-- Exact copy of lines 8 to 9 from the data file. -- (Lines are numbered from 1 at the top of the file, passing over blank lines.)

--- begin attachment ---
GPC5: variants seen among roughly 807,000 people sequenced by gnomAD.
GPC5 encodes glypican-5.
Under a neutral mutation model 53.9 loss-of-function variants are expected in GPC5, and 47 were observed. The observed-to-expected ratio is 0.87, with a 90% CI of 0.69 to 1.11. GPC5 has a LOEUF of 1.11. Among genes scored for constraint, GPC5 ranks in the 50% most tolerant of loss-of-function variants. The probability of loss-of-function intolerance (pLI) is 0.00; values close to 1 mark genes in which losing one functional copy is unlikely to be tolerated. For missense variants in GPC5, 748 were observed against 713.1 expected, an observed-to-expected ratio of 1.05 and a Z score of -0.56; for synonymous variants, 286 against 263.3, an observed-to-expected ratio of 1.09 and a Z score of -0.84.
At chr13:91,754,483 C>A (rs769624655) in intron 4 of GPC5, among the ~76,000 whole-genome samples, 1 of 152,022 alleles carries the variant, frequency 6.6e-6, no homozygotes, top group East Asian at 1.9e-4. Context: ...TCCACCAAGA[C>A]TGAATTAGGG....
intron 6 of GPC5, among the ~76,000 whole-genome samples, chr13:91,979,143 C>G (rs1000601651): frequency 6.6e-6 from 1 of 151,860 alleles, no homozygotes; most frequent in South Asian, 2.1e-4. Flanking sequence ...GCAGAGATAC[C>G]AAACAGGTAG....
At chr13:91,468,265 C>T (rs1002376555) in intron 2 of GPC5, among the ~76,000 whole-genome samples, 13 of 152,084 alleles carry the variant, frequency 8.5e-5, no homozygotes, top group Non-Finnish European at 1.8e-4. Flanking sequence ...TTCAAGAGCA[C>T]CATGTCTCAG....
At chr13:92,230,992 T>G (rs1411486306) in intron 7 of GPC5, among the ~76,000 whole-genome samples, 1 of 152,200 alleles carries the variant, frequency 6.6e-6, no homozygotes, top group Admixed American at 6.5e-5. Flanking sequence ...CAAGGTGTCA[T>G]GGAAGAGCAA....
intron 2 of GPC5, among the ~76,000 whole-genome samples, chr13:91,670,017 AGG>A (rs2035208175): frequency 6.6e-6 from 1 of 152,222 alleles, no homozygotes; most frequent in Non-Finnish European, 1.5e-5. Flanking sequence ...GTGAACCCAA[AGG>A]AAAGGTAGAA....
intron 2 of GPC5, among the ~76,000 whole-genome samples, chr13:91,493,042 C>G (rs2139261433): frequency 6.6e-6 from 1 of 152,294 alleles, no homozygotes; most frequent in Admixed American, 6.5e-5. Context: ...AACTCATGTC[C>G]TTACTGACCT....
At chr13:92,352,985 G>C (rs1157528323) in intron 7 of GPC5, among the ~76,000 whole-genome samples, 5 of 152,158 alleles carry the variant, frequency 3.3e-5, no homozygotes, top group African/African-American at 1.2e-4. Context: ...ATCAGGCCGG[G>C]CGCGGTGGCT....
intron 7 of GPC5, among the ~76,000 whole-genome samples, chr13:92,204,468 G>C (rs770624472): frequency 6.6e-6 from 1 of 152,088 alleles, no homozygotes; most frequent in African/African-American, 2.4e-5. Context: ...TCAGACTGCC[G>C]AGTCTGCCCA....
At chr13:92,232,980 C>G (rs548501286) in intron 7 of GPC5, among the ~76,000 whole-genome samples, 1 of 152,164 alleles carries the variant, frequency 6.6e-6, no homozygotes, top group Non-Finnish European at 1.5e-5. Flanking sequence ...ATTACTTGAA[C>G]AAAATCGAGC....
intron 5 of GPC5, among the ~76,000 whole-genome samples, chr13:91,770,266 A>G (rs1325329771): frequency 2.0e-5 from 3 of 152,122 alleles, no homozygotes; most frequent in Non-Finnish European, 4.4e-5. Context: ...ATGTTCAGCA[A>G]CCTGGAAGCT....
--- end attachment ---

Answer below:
intron 2 of GPC5, among the ~76,000 whole-genome samples, chr13:91,670,017 AGG>A (rs2035208175): frequency 6.6e-6 from 1 of 152,222 alleles, no homozygotes; most frequent in Non-Finnish European, 1.5e-5. Flanking sequence ...GTGAACCCAA[AGG>A]AAAGGTAGAA....
intron 2 of GPC5, among the ~76,000 whole-genome samples, chr13:91,493,042 C>G (rs2139261433): frequency 6.6e-6 from 1 of 152,294 alleles, no homozygotes; most frequent in Admixed American, 6.5e-5. Context: ...AACTCATGTC[C>G]TTACTGACCT....